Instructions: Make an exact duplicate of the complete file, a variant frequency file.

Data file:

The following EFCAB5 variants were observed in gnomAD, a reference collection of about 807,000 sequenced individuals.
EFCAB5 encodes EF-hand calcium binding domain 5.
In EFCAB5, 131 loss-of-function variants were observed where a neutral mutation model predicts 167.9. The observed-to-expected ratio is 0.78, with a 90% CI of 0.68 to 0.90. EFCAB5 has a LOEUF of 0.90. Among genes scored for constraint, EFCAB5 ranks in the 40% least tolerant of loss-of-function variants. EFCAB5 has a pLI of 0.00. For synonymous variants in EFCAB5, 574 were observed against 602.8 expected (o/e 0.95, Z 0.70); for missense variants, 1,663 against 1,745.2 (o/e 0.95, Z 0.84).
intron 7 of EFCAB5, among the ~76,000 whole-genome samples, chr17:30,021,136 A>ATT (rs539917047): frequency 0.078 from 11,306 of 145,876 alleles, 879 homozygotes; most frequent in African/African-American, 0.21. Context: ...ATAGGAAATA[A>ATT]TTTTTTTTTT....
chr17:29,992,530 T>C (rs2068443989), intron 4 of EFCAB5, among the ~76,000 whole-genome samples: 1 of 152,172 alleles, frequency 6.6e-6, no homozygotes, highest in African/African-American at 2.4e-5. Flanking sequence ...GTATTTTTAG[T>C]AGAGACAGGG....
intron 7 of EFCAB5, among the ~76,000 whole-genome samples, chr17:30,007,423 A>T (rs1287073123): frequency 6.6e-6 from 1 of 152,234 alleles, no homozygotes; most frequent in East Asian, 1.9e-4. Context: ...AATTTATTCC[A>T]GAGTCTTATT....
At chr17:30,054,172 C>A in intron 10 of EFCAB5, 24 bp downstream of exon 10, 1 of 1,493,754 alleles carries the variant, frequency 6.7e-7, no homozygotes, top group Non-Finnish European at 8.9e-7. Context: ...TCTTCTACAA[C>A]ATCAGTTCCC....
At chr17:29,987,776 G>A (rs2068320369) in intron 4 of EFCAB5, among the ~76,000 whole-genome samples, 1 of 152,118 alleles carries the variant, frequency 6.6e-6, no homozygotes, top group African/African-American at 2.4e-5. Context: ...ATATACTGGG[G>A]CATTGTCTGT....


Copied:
The following EFCAB5 variants were observed in gnomAD, a reference collection of about 807,000 sequenced individuals.
EFCAB5 encodes EF-hand calcium binding domain 5.
In EFCAB5, 131 loss-of-function variants were observed where a neutral mutation model predicts 167.9. The observed-to-expected ratio is 0.78, with a 90% CI of 0.68 to 0.90. EFCAB5 has a LOEUF of 0.90. Among genes scored for constraint, EFCAB5 ranks in the 40% least tolerant of loss-of-function variants. EFCAB5 has a pLI of 0.00. For synonymous variants in EFCAB5, 574 were observed against 602.8 expected (o/e 0.95, Z 0.70); for missense variants, 1,663 against 1,745.2 (o/e 0.95, Z 0.84).
intron 7 of EFCAB5, among the ~76,000 whole-genome samples, chr17:30,021,136 A>ATT (rs539917047): frequency 0.078 from 11,306 of 145,876 alleles, 879 homozygotes; most frequent in African/African-American, 0.21. Context: ...ATAGGAAATA[A>ATT]TTTTTTTTTT....
chr17:29,992,530 T>C (rs2068443989), intron 4 of EFCAB5, among the ~76,000 whole-genome samples: 1 of 152,172 alleles, frequency 6.6e-6, no homozygotes, highest in African/African-American at 2.4e-5. Flanking sequence ...GTATTTTTAG[T>C]AGAGACAGGG....
intron 7 of EFCAB5, among the ~76,000 whole-genome samples, chr17:30,007,423 A>T (rs1287073123): frequency 6.6e-6 from 1 of 152,234 alleles, no homozygotes; most frequent in East Asian, 1.9e-4. Context: ...AATTTATTCC[A>T]GAGTCTTATT....
At chr17:30,054,172 C>A in intron 10 of EFCAB5, 24 bp downstream of exon 10, 1 of 1,493,754 alleles carries the variant, frequency 6.7e-7, no homozygotes, top group Non-Finnish European at 8.9e-7. Context: ...TCTTCTACAA[C>A]ATCAGTTCCC....
At chr17:29,987,776 G>A (rs2068320369) in intron 4 of EFCAB5, among the ~76,000 whole-genome samples, 1 of 152,118 alleles carries the variant, frequency 6.6e-6, no homozygotes, top group African/African-American at 2.4e-5. Context: ...ATATACTGGG[G>A]CATTGTCTGT....